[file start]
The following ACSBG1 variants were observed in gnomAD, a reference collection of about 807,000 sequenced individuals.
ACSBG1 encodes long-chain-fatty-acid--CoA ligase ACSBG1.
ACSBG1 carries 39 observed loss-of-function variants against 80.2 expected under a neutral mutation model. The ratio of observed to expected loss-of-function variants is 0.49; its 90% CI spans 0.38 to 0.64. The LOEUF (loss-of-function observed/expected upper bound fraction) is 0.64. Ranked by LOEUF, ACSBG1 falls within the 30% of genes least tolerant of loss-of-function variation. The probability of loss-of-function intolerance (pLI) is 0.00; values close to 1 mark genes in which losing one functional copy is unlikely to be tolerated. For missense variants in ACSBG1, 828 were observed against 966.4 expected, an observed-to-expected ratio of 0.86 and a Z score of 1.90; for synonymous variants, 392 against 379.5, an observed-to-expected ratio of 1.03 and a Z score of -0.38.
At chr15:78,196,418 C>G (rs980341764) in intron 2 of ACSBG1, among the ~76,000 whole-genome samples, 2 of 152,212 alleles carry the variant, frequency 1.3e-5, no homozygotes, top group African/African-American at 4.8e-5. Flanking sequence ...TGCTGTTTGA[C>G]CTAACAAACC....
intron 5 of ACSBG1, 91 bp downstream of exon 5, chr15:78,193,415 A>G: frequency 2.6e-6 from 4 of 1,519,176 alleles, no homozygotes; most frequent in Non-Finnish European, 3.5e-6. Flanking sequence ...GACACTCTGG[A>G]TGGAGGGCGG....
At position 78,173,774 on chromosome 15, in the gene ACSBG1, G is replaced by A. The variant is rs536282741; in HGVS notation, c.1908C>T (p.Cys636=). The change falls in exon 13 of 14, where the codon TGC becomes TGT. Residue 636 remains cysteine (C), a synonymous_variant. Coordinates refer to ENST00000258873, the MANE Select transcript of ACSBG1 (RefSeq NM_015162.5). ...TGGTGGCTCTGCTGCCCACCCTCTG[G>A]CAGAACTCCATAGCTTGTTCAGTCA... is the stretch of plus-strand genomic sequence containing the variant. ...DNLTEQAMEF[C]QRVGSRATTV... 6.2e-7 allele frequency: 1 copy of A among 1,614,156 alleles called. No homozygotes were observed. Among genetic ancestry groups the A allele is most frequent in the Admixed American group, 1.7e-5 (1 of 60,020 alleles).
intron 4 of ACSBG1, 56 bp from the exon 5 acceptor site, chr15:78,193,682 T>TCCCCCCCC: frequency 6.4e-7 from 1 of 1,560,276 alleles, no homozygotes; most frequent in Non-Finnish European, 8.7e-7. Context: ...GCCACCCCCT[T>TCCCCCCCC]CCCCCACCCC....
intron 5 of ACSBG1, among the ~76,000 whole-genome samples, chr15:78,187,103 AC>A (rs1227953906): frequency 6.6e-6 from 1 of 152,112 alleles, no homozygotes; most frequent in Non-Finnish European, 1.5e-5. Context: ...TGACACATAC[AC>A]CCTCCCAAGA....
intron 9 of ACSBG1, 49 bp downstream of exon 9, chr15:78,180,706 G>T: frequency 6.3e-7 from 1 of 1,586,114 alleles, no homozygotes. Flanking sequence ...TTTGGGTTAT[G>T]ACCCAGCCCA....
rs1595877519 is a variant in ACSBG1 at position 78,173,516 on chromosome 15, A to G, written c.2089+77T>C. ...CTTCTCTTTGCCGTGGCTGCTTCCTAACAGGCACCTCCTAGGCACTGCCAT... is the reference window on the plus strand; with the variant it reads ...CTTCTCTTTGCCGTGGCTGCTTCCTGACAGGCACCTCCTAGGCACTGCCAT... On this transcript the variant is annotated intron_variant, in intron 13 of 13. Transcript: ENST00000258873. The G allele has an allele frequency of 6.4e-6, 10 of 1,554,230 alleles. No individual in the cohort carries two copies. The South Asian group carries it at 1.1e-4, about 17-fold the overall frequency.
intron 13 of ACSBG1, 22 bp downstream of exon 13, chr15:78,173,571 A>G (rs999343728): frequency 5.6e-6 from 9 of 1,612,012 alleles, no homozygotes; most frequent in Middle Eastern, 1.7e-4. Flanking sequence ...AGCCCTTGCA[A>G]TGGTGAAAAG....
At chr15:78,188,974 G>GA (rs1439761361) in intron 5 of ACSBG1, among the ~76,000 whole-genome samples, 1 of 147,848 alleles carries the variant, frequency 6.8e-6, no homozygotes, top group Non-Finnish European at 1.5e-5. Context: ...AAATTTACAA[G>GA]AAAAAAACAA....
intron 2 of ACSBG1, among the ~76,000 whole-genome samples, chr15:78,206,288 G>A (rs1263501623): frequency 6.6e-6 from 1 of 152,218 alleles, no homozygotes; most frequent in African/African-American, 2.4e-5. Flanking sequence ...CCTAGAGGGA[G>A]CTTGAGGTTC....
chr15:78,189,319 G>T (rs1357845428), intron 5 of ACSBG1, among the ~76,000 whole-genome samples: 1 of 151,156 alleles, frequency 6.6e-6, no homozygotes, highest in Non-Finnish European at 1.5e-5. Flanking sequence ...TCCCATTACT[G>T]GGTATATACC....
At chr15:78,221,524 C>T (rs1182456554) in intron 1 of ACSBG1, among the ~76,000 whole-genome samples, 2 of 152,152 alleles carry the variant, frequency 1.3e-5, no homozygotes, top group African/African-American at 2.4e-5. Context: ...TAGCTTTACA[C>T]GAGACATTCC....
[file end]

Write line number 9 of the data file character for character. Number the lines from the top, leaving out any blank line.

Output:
intron 9 of ACSBG1, 49 bp downstream of exon 9, chr15:78,180,706 G>T: frequency 6.3e-7 from 1 of 1,586,114 alleles, no homozygotes. Flanking sequence ...TTTGGGTTAT[G>T]ACCCAGCCCA....